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How to lose the flappy skin?

post #1 of 13
Thread Starter 
First of all I'm sorry as I'm sure that this question may have come up 10000 times already, however a quick search didn't find me what I was looking for.

My girl, Echo, weighed in at 5.2kg the last time I took her to the vets. Since then I've been watching what she is eating more, and I'm pretty sure that I've had some success. When I feel her stomach, it feels smaller, and she seems to have more energy about her now. However, whenever she walks, or runs, you see her belly flap from side to side. How will she lose this? Is there anything that I can do to help? She has a huge cat play area, and has always stretched lots to use the scratch pole, but this just doesn't seem to be moving.

Any tips?

Many thanks!!!
post #2 of 13
Imagine what its like for humans when we lose weight quickly.....

She just needs loads of exercise.

How old is she??
post #3 of 13
Thread Starter 
She's an 8 years old European shorthair.
post #4 of 13
The older they are, the harder it is to shift.... again like us!!

Get some toys on sticks and make her run around like crazy after them, that should give her the extra exercise!!
post #5 of 13
Both of my kitties have this. I think it's called a "spay sway". I wish they could do a little nip & tuck as it would look so much better for my girls! The vet told me it was totally normal.

Stephanie
post #6 of 13
The loose skin on the belly in some cats is actually completely natural and not a result of being spayed or overweight. It's there so that the cat can stretch out completely when they're running and jumping and also some loose skin to act as protection if they get clawed at in their belly.

I know bengals tend to have it, I think it's common in other breeds too and I've definately seen it as well in your standard domestic shorthairs.
post #7 of 13
Sit-ups! Just kidding. I wasn't aware you could trim that down. Paris is a very very active cat and she has a small sway.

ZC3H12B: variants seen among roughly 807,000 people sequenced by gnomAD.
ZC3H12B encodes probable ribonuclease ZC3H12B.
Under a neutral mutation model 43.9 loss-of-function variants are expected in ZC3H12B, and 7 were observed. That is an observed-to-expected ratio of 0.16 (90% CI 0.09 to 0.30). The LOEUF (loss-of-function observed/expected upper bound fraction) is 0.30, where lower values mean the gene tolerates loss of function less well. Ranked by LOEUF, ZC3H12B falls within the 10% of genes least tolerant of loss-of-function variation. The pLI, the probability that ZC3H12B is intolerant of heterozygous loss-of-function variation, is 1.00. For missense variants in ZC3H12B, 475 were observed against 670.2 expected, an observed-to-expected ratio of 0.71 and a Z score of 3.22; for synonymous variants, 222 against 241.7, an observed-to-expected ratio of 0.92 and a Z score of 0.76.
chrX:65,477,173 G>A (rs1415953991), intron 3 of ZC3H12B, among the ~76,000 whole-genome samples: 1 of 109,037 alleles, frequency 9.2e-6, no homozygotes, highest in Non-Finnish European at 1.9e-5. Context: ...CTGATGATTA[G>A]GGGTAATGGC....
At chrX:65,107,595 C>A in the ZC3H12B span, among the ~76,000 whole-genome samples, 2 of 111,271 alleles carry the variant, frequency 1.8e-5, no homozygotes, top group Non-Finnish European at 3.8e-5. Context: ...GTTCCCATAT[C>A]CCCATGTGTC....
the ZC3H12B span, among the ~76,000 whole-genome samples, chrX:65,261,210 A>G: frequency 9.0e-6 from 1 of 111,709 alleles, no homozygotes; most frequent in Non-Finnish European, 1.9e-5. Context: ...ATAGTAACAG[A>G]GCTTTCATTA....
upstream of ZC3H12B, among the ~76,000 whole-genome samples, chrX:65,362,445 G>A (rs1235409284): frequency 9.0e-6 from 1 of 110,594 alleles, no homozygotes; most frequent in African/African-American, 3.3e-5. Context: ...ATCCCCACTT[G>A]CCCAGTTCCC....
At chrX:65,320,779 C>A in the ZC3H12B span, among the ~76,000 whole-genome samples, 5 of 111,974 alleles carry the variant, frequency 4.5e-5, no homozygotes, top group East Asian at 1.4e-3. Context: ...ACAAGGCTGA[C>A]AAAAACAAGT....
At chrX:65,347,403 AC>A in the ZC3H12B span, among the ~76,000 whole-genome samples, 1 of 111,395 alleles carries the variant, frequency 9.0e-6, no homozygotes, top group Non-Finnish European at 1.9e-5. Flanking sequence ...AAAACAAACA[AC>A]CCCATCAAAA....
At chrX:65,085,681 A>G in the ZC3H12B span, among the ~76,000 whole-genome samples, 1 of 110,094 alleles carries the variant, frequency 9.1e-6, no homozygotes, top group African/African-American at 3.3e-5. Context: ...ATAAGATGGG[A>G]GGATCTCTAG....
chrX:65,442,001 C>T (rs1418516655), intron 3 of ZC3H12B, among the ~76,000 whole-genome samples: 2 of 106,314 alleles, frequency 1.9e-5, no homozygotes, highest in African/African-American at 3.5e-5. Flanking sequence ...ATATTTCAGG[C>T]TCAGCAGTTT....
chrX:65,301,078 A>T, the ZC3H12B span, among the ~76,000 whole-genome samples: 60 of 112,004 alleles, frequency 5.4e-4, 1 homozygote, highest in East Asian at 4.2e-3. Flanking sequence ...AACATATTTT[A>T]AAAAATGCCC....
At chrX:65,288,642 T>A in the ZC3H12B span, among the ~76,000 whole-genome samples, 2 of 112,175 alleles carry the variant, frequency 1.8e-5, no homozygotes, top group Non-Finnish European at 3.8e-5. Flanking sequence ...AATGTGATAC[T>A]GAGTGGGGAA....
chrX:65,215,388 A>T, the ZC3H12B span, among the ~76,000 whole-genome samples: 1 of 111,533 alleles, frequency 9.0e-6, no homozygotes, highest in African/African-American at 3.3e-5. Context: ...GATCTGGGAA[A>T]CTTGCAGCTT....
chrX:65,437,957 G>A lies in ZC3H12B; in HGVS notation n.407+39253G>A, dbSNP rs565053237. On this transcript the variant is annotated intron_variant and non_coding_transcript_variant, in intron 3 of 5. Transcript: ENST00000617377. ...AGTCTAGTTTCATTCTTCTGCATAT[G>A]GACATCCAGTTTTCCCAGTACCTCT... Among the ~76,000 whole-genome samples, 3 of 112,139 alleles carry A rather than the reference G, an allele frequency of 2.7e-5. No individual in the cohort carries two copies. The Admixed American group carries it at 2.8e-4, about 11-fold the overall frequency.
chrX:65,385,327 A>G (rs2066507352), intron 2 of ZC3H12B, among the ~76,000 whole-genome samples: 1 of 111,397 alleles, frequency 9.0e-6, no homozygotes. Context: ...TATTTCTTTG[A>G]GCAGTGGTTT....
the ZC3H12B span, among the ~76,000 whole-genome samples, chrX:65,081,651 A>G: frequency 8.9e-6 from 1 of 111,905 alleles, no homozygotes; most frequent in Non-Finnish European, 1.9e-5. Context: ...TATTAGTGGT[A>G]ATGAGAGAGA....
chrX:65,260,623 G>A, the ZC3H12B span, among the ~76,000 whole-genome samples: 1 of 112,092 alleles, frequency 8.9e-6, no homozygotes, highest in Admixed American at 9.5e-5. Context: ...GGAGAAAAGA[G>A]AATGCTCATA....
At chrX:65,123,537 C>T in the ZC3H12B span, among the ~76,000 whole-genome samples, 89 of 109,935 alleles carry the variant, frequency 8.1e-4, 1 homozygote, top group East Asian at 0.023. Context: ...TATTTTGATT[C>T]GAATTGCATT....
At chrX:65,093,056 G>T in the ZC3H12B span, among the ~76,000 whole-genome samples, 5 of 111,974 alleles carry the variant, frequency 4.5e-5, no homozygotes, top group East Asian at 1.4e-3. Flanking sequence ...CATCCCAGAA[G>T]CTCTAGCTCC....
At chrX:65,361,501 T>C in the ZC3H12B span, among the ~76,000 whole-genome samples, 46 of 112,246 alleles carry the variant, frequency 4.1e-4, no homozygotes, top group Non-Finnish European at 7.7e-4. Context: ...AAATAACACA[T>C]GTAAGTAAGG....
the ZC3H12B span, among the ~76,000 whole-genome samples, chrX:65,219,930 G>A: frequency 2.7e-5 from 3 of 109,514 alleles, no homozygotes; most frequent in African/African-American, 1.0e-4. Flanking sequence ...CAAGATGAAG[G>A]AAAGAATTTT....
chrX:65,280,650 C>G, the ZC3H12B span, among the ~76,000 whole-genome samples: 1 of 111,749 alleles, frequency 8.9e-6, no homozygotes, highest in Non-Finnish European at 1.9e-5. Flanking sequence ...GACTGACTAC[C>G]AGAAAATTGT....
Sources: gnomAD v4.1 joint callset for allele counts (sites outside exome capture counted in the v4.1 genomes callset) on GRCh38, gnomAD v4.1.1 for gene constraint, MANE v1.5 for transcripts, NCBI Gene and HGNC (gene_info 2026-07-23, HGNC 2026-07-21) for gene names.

post #8 of 13
Quote:
Originally Posted by Siggav View Post
The loose skin on the belly in some cats is actually completely natural and not a result of being spayed or overweight. It's there so that the cat can stretch out completely when they're running and jumping and also some loose skin to act as protection if they get clawed at in their belly.

I know bengals tend to have it, I think it's common in other breeds too and I've definately seen it as well in your standard domestic shorthairs.

What she said. *smile* Perfectly normal and unrelated to weight.

Congrats on helping your kitty back to a healthier state!
post #9 of 13
It's perfectly normal for a cat, you can't get rid of it. They have a lot of loose skin, as Siggav said it's so that if they are grabbed in a fight they can turn around to use their back legs or teeth for defence.
post #10 of 13
Quote:
Originally Posted by Epona View Post
It's perfectly normal for a cat, you can't get rid of it. They have a lot of loose skin, as Siggav said it's so that if they are grabbed in a fight they can turn around to use their back legs or teeth for defence.
Puff has that sway as well. He actually has two fat pockets on the inside of his back legs where the skin from his belly connects to his legs. (It's more on the belly). I was hoping the lazer pointer I got would get him going and he'd loose that. We weighed him (as best we could) the other day and it hit 20. I'm not sure it's accurate because he keeps squirming. I know that if his breeding is what I suspect it is their big cats. But I also don't want him to get too fat that he becomes lazy.
post #11 of 13
Yes, it's called spay sway and Bijou has a doozie! Mika is much smaller than Bijou and would hardly be deemed overweight but she still has the little sway.
post #12 of 13
Unfortunately, I don't think you can get rid of it either. Our vet called it a "fat pad" and also said it's totally normal. She said some cats have it and some just don't. Snickers has a huge one. We have come to love it, as it's the fuzziest part of her body. Sometimes she'll sit on a glass tabletop, and we look at her from below. It's hilarious because there's so much fuzz on the fat pad!
post #13 of 13
Thread Starter 
That's a relief! Thanks for all of your replies. My other cat Nova has no fat swaying at all, he is a couple of years younger, and very very active. Echo is a female, I'm not sure if sex is relevant or not, but I thought I'd mention it anyway, and she's a European shorthair. She is still pretty active, but definitely likes a snooze more than Nova does. She seems happy and fine, but I immediately felt that this was a bad thing, and so I'm glad I checked up!

Be well.
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